As the U.S. women's gymnastic team competed in the Olympics on Sunday, the encroaching egalitarianism of the international games was readily apparent. The rules committee has decided only two members of each team can advance to the all-around, meaning that even if one team is predominant above all others it can only have equal representation in the all-around at best.
What this also means is that Jordyn Wieber, "the reigning world champion in the all-around and a favorite to win Olympic-gold," will not be allowed take part in that round because she finished 3rd among the U.S. women's team on Sunday.
But what if Wieber's 3rd place score was higher than the first place score received by a team member from another country? Technically it could happen, but the rules committee guards against it by erasing the scores of each individual gymnast once the two advancing team members have been decided.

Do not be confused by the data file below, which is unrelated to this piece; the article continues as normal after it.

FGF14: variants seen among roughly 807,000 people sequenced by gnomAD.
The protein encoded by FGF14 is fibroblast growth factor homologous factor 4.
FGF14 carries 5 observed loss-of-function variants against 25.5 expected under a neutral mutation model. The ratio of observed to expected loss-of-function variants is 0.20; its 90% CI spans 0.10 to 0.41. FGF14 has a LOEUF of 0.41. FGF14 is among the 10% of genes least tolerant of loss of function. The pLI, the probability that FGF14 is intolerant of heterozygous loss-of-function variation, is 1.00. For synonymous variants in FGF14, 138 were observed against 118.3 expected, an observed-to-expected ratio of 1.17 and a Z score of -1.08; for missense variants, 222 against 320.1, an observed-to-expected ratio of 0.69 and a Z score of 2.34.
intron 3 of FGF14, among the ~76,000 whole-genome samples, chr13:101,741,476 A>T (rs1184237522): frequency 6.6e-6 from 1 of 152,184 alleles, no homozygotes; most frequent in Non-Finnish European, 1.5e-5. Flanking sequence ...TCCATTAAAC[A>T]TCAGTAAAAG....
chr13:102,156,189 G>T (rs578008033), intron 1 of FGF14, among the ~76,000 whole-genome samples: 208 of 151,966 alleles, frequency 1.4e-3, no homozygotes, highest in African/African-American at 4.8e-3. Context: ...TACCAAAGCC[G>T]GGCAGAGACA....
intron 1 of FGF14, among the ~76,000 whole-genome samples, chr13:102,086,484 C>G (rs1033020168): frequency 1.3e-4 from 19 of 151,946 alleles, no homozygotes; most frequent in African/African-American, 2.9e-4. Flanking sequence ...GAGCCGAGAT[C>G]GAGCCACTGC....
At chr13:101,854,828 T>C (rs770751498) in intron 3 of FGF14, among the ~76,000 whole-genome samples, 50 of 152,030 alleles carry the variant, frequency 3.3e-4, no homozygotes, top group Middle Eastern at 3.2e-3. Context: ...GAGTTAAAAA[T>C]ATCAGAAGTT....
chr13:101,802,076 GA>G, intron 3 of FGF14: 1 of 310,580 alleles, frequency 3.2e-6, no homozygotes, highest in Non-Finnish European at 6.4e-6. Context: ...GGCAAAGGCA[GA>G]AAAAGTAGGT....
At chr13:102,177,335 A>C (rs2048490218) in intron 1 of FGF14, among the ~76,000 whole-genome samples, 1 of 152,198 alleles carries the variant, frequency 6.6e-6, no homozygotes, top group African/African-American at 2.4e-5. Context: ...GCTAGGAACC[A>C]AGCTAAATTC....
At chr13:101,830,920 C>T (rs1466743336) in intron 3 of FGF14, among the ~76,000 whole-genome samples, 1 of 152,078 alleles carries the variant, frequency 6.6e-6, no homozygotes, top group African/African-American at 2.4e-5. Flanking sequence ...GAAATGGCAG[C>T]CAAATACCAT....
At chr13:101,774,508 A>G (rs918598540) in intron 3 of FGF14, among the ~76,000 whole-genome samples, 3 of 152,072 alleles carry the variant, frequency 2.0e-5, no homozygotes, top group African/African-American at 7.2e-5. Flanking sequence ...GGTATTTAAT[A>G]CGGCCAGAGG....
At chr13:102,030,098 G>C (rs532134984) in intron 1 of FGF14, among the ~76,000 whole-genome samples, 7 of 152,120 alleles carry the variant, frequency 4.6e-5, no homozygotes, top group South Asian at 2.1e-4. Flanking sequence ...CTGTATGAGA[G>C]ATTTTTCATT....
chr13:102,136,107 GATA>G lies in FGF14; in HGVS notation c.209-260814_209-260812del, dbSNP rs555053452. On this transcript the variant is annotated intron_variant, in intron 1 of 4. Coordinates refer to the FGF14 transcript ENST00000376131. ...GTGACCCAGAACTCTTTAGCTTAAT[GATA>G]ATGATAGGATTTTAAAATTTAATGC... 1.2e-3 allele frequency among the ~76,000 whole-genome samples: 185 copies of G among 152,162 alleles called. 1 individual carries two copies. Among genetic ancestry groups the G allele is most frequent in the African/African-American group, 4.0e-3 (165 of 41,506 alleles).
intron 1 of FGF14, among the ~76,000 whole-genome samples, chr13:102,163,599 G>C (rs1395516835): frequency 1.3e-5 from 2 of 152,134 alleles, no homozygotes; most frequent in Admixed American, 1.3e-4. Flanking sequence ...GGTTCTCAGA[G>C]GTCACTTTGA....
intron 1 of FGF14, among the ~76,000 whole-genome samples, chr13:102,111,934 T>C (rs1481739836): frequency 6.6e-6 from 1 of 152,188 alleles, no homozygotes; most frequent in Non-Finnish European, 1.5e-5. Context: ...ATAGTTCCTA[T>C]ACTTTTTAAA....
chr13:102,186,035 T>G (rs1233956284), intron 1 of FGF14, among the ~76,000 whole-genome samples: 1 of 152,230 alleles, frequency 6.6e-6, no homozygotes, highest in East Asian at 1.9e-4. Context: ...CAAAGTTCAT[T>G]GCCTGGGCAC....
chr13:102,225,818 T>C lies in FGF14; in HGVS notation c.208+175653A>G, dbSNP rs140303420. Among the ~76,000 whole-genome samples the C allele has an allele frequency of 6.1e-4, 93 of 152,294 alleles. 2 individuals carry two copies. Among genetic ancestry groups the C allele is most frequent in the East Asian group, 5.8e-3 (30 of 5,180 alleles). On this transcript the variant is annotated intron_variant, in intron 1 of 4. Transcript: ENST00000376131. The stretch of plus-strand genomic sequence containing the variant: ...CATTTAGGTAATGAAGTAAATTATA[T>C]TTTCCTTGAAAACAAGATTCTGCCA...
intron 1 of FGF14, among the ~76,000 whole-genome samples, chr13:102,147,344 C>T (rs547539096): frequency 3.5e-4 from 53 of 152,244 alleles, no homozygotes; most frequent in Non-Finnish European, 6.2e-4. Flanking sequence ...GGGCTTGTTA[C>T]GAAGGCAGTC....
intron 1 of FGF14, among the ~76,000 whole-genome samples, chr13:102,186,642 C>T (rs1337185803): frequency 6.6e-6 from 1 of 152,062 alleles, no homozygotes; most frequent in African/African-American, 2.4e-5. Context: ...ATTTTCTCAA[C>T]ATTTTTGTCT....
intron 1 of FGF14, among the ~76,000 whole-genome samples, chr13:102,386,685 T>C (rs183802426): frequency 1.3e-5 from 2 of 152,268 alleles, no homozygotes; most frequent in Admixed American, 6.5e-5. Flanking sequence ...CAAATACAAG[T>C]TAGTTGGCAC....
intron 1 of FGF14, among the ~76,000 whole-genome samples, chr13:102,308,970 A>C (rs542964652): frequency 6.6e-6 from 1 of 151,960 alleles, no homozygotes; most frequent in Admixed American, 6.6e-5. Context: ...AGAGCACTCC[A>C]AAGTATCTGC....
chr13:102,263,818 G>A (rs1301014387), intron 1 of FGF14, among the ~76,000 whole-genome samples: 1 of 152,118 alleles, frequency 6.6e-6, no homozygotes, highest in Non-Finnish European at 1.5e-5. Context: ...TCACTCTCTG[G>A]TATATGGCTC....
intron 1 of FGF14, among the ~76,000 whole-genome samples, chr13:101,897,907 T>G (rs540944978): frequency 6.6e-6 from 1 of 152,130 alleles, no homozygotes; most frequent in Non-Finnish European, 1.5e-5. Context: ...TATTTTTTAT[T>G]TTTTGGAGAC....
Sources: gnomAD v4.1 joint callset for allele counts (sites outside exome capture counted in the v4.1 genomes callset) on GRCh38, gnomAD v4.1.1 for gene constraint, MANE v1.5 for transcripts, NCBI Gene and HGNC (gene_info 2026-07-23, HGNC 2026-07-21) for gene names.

To put it as one of the Olympic correspondents did on Sunday night, "it's like it never even happened."
This is not just an issue for Americans. Rather, it's an issue for any team that might have three or perhaps even four members excel instead of just two. As such, it is a perfect microcosm of the problems posed by political correctness, and particularly by egalitarianism. For in a bid to be sure every country gets to advance, some of the best gymnasts will be forced to sit this one out.